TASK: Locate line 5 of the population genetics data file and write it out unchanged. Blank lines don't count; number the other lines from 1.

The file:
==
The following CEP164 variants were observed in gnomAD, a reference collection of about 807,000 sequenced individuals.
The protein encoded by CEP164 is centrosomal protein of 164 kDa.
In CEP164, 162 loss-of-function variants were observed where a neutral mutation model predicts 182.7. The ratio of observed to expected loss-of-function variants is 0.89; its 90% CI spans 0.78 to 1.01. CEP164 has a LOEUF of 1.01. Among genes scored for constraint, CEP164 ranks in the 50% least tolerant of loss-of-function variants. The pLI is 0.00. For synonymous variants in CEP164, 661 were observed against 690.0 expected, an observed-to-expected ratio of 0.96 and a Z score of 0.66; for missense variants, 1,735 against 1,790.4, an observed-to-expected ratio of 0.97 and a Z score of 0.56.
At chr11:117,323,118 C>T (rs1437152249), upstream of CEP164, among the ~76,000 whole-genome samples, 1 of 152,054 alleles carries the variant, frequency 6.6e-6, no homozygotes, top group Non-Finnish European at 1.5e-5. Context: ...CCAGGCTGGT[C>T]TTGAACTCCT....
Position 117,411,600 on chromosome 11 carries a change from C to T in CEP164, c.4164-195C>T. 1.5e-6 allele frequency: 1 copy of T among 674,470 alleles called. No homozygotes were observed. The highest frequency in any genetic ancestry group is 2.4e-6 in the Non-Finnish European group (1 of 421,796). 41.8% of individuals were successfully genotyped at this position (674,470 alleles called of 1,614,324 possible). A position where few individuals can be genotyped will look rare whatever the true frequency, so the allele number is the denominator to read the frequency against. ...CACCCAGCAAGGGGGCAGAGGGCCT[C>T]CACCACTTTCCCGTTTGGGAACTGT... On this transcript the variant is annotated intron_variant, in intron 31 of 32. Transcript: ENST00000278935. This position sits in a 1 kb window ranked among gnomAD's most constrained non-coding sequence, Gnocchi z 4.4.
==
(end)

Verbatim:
Position 117,411,600 on chromosome 11 carries a change from C to T in CEP164, c.4164-195C>T. 1.5e-6 allele frequency: 1 copy of T among 674,470 alleles called. No homozygotes were observed. The highest frequency in any genetic ancestry group is 2.4e-6 in the Non-Finnish European group (1 of 421,796). 41.8% of individuals were successfully genotyped at this position (674,470 alleles called of 1,614,324 possible). A position where few individuals can be genotyped will look rare whatever the true frequency, so the allele number is the denominator to read the frequency against. ...CACCCAGCAAGGGGGCAGAGGGCCT[C>T]CACCACTTTCCCGTTTGGGAACTGT... On this transcript the variant is annotated intron_variant, in intron 31 of 32. Transcript: ENST00000278935. This position sits in a 1 kb window ranked among gnomAD's most constrained non-coding sequence, Gnocchi z 4.4.